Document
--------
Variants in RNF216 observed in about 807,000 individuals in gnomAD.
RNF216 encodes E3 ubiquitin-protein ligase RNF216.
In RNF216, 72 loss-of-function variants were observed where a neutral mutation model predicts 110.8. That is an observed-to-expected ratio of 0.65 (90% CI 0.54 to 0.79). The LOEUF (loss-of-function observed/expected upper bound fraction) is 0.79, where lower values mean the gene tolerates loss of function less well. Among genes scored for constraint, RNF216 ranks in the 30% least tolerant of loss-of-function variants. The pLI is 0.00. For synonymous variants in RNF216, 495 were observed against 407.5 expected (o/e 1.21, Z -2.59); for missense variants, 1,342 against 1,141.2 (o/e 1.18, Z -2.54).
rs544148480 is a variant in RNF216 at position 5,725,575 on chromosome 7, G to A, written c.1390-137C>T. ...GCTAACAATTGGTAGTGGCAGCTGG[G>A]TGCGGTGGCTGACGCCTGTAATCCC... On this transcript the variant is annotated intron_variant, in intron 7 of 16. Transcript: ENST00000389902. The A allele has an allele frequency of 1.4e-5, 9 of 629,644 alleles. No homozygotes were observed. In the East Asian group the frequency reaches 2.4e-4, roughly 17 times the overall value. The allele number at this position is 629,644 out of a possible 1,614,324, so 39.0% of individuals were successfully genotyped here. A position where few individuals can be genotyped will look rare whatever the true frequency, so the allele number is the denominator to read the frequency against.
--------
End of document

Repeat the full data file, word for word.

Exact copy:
Variants in RNF216 observed in about 807,000 individuals in gnomAD.
RNF216 encodes E3 ubiquitin-protein ligase RNF216.
In RNF216, 72 loss-of-function variants were observed where a neutral mutation model predicts 110.8. That is an observed-to-expected ratio of 0.65 (90% CI 0.54 to 0.79). The LOEUF (loss-of-function observed/expected upper bound fraction) is 0.79, where lower values mean the gene tolerates loss of function less well. Among genes scored for constraint, RNF216 ranks in the 30% least tolerant of loss-of-function variants. The pLI is 0.00. For synonymous variants in RNF216, 495 were observed against 407.5 expected (o/e 1.21, Z -2.59); for missense variants, 1,342 against 1,141.2 (o/e 1.18, Z -2.54).
rs544148480 is a variant in RNF216 at position 5,725,575 on chromosome 7, G to A, written c.1390-137C>T. ...GCTAACAATTGGTAGTGGCAGCTGG[G>A]TGCGGTGGCTGACGCCTGTAATCCC... On this transcript the variant is annotated intron_variant, in intron 7 of 16. Transcript: ENST00000389902. The A allele has an allele frequency of 1.4e-5, 9 of 629,644 alleles. No homozygotes were observed. In the East Asian group the frequency reaches 2.4e-4, roughly 17 times the overall value. The allele number at this position is 629,644 out of a possible 1,614,324, so 39.0% of individuals were successfully genotyped here. A position where few individuals can be genotyped will look rare whatever the true frequency, so the allele number is the denominator to read the frequency against.